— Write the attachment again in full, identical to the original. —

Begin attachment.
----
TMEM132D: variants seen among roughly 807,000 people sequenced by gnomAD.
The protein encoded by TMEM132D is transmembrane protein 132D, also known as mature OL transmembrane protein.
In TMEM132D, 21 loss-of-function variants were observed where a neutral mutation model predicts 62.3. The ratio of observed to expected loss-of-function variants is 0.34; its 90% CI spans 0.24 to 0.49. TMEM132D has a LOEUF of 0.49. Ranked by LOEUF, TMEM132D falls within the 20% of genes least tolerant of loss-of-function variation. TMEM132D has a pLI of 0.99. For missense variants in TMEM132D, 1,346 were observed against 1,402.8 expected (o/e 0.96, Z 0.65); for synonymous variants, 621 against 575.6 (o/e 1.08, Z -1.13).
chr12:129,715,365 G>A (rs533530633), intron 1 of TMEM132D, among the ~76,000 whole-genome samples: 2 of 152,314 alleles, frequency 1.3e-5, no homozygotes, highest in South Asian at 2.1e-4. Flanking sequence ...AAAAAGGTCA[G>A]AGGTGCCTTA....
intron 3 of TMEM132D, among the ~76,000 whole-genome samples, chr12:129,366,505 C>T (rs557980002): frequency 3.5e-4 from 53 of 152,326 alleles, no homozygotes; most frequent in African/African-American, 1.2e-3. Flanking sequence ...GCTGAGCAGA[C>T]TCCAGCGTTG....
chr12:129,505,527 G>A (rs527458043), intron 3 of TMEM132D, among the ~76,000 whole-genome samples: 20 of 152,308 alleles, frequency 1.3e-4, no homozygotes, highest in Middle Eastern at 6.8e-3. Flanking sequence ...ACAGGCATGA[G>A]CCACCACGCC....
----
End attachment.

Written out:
TMEM132D: variants seen among roughly 807,000 people sequenced by gnomAD.
The protein encoded by TMEM132D is transmembrane protein 132D, also known as mature OL transmembrane protein.
In TMEM132D, 21 loss-of-function variants were observed where a neutral mutation model predicts 62.3. The ratio of observed to expected loss-of-function variants is 0.34; its 90% CI spans 0.24 to 0.49. TMEM132D has a LOEUF of 0.49. Ranked by LOEUF, TMEM132D falls within the 20% of genes least tolerant of loss-of-function variation. TMEM132D has a pLI of 0.99. For missense variants in TMEM132D, 1,346 were observed against 1,402.8 expected (o/e 0.96, Z 0.65); for synonymous variants, 621 against 575.6 (o/e 1.08, Z -1.13).
chr12:129,715,365 G>A (rs533530633), intron 1 of TMEM132D, among the ~76,000 whole-genome samples: 2 of 152,314 alleles, frequency 1.3e-5, no homozygotes, highest in South Asian at 2.1e-4. Flanking sequence ...AAAAAGGTCA[G>A]AGGTGCCTTA....
intron 3 of TMEM132D, among the ~76,000 whole-genome samples, chr12:129,366,505 C>T (rs557980002): frequency 3.5e-4 from 53 of 152,326 alleles, no homozygotes; most frequent in African/African-American, 1.2e-3. Flanking sequence ...GCTGAGCAGA[C>T]TCCAGCGTTG....
chr12:129,505,527 G>A (rs527458043), intron 3 of TMEM132D, among the ~76,000 whole-genome samples: 20 of 152,308 alleles, frequency 1.3e-4, no homozygotes, highest in Middle Eastern at 6.8e-3. Flanking sequence ...ACAGGCATGA[G>A]CCACCACGCC....